Scituate assessors are expecting an increase in tax-abatement filings this year, as a townwide revaluation and an increase in the property tax rate produce higher bills.
According to the assessor’s office, abatement filings, or filings that occur due to disputes with the assessed value of one’s home and land, were down over the last two years.
This year, however, after a field inspection of all the town’s parcels, the number of disputes may go up.
“Data [may have been] picked up that wasn’t on the existing field card,’’ Director of Assessing Stephen Jarzembowski said to selectmen recently. “It’s not because of a sale or a number of sales. People want to check the card to see their info is accurate. . . . it’s not a perfect science, there can be errors. We have thousands of homes, and we do what we can and use what we have to work with.’’
Overall, the average valuation for a single-family home in Scituate decreased to $478,000 from $487,000, Jarzembowski said. However, with last year’s Proposition 2 1/2 override, the tax rate rose significantly.
According to Jarzembowski, the tax rate was set at $12.34 per $1,000 of assessed value, up from $11.25 last year. Approximately 58 cents of that is override-related.
That, coupled with a few parcels of land around town with higher assessed value since the revaluation, has some residents concerned.
“I have just received my tax bill and was absolutely shocked to find’’ a huge increase in valuation, Barbara Griffin, a Beach Plum Lane resident, said in an e-mail. “My property taxes have increased $2,000.’’
In a later phone interview, Griffin said, “I don’t know how they get away with it. I am going to file an abatement, but I don’t know how [else] to fight this.’’
Griffin said others who live on the street, and who work for the town, have lower assessments.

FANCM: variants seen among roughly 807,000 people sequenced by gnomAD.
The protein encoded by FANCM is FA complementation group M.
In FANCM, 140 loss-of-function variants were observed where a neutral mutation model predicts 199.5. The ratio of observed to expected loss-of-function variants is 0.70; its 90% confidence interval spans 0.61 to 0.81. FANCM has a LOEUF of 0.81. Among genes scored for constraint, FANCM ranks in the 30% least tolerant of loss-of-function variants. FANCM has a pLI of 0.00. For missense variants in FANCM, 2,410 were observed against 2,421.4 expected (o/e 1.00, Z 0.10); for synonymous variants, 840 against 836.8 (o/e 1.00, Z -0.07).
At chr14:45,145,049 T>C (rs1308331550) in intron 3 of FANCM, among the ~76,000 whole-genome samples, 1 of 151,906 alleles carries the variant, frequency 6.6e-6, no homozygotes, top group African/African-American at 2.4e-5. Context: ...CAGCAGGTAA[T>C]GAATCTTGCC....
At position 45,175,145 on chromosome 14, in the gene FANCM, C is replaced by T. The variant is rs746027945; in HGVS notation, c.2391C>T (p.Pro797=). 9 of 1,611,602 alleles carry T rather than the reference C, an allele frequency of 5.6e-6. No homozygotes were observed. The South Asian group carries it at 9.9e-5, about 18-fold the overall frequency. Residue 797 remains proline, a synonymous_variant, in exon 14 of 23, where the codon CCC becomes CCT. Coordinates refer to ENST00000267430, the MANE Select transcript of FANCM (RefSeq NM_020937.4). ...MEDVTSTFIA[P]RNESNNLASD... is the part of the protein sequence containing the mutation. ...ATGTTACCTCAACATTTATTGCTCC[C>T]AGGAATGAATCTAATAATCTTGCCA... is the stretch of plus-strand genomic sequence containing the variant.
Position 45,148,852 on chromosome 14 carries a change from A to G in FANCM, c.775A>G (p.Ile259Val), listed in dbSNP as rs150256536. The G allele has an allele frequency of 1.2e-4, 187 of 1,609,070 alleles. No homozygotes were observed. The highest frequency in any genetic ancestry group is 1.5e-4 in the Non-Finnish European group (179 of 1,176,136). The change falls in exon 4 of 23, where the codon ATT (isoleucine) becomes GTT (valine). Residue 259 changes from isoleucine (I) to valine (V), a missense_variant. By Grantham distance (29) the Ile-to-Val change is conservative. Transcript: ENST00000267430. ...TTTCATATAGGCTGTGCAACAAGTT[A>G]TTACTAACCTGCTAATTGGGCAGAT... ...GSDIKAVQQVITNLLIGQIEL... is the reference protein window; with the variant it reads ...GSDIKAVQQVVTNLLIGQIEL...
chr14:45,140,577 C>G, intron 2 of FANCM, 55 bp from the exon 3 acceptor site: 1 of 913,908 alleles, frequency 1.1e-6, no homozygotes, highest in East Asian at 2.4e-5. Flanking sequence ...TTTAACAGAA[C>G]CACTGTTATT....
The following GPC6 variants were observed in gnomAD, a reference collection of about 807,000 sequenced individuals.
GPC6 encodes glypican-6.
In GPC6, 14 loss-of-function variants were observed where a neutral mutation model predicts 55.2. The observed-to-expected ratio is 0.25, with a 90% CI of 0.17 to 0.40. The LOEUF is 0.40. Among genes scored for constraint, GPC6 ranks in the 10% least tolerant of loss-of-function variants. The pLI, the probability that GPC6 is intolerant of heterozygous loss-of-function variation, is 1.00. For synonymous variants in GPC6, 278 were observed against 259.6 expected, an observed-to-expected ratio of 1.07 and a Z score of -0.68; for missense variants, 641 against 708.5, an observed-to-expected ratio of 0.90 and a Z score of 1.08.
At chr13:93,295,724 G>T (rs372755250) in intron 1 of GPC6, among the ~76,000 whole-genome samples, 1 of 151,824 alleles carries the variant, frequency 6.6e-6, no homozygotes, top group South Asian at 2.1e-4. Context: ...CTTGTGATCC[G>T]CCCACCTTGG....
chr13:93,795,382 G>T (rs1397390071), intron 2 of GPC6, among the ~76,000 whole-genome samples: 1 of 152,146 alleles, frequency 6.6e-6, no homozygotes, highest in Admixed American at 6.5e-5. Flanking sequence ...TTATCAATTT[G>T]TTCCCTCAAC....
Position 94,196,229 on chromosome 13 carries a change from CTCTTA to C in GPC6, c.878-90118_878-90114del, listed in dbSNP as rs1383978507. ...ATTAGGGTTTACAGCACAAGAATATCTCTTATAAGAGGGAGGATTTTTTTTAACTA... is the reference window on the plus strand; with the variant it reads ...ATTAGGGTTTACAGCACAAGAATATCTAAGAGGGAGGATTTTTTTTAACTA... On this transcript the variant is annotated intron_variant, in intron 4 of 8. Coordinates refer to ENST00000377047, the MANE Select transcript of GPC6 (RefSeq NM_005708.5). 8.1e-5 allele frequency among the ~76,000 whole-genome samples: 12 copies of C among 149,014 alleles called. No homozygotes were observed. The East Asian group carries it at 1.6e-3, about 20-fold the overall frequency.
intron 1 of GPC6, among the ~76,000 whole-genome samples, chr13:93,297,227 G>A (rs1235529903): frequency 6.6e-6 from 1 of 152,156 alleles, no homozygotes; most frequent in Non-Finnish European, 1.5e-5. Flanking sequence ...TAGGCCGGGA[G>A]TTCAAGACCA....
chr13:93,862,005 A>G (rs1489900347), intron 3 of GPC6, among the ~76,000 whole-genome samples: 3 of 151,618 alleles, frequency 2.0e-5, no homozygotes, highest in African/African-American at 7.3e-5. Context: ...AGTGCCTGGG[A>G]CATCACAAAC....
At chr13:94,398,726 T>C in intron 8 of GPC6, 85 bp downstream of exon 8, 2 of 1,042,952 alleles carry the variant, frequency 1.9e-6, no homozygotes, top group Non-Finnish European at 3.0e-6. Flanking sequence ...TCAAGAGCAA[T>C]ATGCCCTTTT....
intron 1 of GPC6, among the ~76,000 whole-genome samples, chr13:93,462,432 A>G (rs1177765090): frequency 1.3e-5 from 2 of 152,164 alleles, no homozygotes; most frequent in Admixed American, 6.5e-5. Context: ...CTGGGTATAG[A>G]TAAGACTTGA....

Jarzembowski said the implication of improper actions is unfounded. “A third party does the value. They are a company that has 30 communities. They simply do a value based on data,’’ he said.
PK Valuations Group, based in Raynham and South Hadley, conducts the valuations of numerous communities south of Boston, including Weymouth, Bridgewater, Duxbury, Carver, Plympton, and a slew of Cape towns. It was chosen by Scituate for this revaluation because of its knowledge of waterfront property valuation, he said.
Taxpayers who disagree with their assessments can file abatement claims.
“There are 9,000 parcels; sometimes data errors have to be corrected. But nothing is stagnant, it’s always changing. Whether building permits were filed or not . . . we find things that affect value, and if it’s wrong we change it,’’ Jarzembowski said.
According to the assessor’s website, abatement applications can be made until Feb. 1. Applications can be picked up in the assessor’s office, and taxes must be paid pending an appeal.
The Board of Assessors reviews all abatement applications. If an application is denied, residents may appeal to the Massachusetts Appellate Tax Board within 90 days of the assessors’ decision.
As of early last week, fewer than 10 abatement applications had been made to the town. But it had only been a week since residents received their tax bills for this year, so it’s hard to predict how many will be coming, Jarzembowski said.
In the meantime, residents such as Griffin are cursing the override and its effects.
“If the residents of Scituate knew their properties were going to be reassessed, I don’t think Prop 2 1/2 would have passed,’’ she said.
Jessica Bartlett can be reached at firstname.lastname@example.org.